Thailand Laurels
A Team effort

An hour later I’m up. I hit the scales while finding my spectacles. (I’m watching my weight a little cautiously)
A quick check on the messages and I weave my way to the kitchen.

My mom is, as always, shocked to see me. The frenzy she gets into when she realises that I might not get a full breakfast is simply cute. I get some milk ready for cereal. By the time I’m done with my wash, I have a bowl of cereal, fresh fruit, a packed box of nuts and a banana to-go on the table.

Mom is furtive though. Then she steps out and says – “kaustubh,  how much time do you have? I can make some cutlets.” When I shake my head, she asks when I’ll be back and what will happen to her cutlets.

Dad is usually up just in time to ask about my day. And what time I’ll be back. Having asked me to call it a night at 12, he ignores my limited rest, for now. Somehow they never fail to ask me to be careful. Today it was about the local train.

And so, I’m off to practice. My team sport. Knowing fully well I have the best team one could ask for.

The man who crosses Oceans

The man who crosses Oceans

Álvaro de Marichalar.

Jetski route from Rome to New York
Rome to New York

Up until yesterday afternoon I had known madness in the form of Bear Grylls and Freya Hoffmeister. Sandy Robinson and our own Lt. Cdr. Abhilash Tomy.

Yesterday I met someone who has crossed the Pacific Ocean on a JetSki. He’s done a 18,000 km trip from Rome to New York on a 3m Jetski. To say that it’s madness is an understatement. To say that it’s being free is an even bigger one.

At the Royal Bombay Yacht Club, he gave a modest audience a 30 minute lecture on his expeditions, what motivates him and what the sea is to him. I spoke to him of my expedition and he was happy to meet me today morning.

I met him at 9:30 this morning, after navigating some good bit of office traffic. He was full of ideas and things to share. And from his wealth of experience, I gathered some important insights –

  • Water, water, every where; Nor any drop to drink.
  • Navigating with the wind, setting it behind you as far as possible
  • Trust in fisherman. Not the weather guy.
  • Wear a white cotton t-shirt. If any clothing at all. (You are out in the wild, aren’t you?)
  • Maps and Navigation
  • Logging the event

He’s promised to help out with any questions I may have. And I probably will have more.

But the important question that he answered yesterday itself – Sharks are like Pitbull. If you don’t give them a reason, they won’t bite you.

More on his exploits –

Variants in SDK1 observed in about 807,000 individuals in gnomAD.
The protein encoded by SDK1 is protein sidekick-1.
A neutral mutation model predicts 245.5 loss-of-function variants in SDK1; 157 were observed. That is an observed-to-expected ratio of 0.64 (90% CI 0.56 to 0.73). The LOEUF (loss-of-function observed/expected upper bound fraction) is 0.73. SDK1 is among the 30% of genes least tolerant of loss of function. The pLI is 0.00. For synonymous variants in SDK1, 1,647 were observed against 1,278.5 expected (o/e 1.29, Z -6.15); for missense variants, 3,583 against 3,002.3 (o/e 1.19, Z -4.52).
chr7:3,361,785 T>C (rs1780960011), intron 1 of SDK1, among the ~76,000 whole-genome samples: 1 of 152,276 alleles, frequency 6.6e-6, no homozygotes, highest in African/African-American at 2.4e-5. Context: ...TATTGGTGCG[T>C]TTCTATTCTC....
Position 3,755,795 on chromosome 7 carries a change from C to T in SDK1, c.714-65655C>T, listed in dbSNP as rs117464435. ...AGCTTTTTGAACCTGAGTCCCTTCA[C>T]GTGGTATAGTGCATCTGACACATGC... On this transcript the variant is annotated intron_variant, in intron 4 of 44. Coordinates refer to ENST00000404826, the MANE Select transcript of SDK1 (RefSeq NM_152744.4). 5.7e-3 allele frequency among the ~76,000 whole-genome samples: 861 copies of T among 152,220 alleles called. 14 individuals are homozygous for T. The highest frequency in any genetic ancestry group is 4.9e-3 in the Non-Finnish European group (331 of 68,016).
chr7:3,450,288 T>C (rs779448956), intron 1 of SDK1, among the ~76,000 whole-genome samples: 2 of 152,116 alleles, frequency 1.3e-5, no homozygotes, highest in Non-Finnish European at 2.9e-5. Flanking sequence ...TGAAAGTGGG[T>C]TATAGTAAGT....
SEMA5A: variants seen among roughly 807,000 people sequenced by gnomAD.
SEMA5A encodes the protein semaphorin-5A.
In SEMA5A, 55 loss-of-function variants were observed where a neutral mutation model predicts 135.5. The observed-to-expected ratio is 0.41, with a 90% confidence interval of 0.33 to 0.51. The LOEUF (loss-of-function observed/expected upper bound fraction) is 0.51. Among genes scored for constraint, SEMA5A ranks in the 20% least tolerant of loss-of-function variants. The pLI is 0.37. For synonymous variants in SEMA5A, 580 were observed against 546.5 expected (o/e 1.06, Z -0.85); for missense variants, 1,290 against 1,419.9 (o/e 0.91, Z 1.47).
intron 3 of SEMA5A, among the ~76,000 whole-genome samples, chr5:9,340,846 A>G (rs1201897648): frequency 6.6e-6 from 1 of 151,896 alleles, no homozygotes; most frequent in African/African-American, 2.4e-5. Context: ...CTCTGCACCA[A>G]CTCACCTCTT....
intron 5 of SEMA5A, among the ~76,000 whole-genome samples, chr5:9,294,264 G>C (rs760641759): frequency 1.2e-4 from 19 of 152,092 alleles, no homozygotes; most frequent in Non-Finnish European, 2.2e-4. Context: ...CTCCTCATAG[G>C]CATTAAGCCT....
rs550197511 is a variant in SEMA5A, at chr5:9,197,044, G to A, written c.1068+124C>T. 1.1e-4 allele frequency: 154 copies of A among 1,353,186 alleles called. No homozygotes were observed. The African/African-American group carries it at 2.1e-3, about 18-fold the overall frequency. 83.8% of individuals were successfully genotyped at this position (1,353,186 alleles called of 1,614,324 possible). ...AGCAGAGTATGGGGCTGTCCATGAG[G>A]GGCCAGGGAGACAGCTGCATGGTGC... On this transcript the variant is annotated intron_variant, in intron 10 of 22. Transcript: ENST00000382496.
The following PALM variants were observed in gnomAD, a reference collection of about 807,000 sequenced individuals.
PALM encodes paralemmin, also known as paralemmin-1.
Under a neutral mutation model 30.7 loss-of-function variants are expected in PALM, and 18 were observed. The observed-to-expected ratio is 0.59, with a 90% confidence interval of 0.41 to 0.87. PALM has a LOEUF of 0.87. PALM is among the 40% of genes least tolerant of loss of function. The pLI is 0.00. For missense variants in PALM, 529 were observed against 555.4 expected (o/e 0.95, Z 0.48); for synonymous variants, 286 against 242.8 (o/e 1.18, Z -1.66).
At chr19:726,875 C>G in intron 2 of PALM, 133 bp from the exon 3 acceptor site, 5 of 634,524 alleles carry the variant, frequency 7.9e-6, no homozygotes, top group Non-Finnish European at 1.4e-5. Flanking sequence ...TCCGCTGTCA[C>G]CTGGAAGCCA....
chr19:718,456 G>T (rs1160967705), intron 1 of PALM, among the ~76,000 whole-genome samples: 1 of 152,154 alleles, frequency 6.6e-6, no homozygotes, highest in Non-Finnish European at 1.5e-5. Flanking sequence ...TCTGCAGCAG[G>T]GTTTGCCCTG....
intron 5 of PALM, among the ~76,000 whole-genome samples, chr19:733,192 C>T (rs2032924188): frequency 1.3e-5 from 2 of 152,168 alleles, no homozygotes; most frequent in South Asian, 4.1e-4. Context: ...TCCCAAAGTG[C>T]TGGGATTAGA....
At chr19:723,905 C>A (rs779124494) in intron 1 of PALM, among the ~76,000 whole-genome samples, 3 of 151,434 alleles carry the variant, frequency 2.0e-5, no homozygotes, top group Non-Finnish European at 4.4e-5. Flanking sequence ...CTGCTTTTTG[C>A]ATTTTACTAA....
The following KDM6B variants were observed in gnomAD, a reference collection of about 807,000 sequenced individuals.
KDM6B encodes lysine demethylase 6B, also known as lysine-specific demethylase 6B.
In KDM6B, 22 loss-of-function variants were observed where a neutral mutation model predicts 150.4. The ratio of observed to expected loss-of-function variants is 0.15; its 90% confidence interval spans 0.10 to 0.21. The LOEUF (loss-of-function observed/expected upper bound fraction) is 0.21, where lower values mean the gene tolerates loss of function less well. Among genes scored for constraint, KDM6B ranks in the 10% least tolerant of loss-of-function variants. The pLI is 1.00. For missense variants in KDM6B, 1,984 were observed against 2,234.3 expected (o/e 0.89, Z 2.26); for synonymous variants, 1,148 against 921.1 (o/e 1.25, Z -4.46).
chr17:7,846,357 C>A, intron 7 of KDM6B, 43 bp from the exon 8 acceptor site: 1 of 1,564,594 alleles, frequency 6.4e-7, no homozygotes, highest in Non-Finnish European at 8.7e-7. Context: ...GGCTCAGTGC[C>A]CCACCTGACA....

About Me

About Me

My name is Kaustubh Khade. And I am a Kayaker.

To say I’ve always been in sports is to call a shark a fish. I dabbled in a host of sports (still do) and was sports captain at school, vice-captain of the football team at Junior school. In 2009 I graduated from IIT Delhi and shortly after I took up kayaking. In 2012 at a national championship for Dragon Boat racing, I got selected for the national team to go to the Asian Championship in Thailand. In our maiden tournament we won 6 silver medals and 3 bronze.

The national anthem plays for the country that wins gold, standing on the podium awaiting silver, it hurt us deeply not hearing it, .

Subsequently I focussed on kayaking as a solo sport. A year later, I found myself in Thailand again, but this time for the Asian Sea Kayaking tournament. I represented India in the 13km race and finished 5th overall.

The mission here is simple. Promote sports.

I’ve been lucky to take up sailing, archery, football, rugby, swimming, and track. And it’s taken me ages to find a sport that I truly excel at. There are many out there that are far from it.

You can reach me at and follow the journey on

What lies ahead

What lies ahead

This brings us to the present and the mission at hand.

I’m going to do a solo kayak journey from Mumbai to Goa. The trip itself will take me about 20 days to accomplish and I’ll be covering over 500 kms of water on the trip.

The idea is to paddle 6-7 hours a day and spend the nights under the stars or fending for myself.

I’ve had to take a leave of absence from work, thankfully I have a great boss, and over the next two months, I’ll be training dedicatedly in Goa.

Paddle Hard!

Paddle Hard!

“One cannot find new oceans until he loses sight of shore.” – Christopher Columbus.

I’m Kaustubh Khade. And I plan on finding new shores.

Get trophy. Continue Smiling
Sailing at Khadakvasla always brings smiles.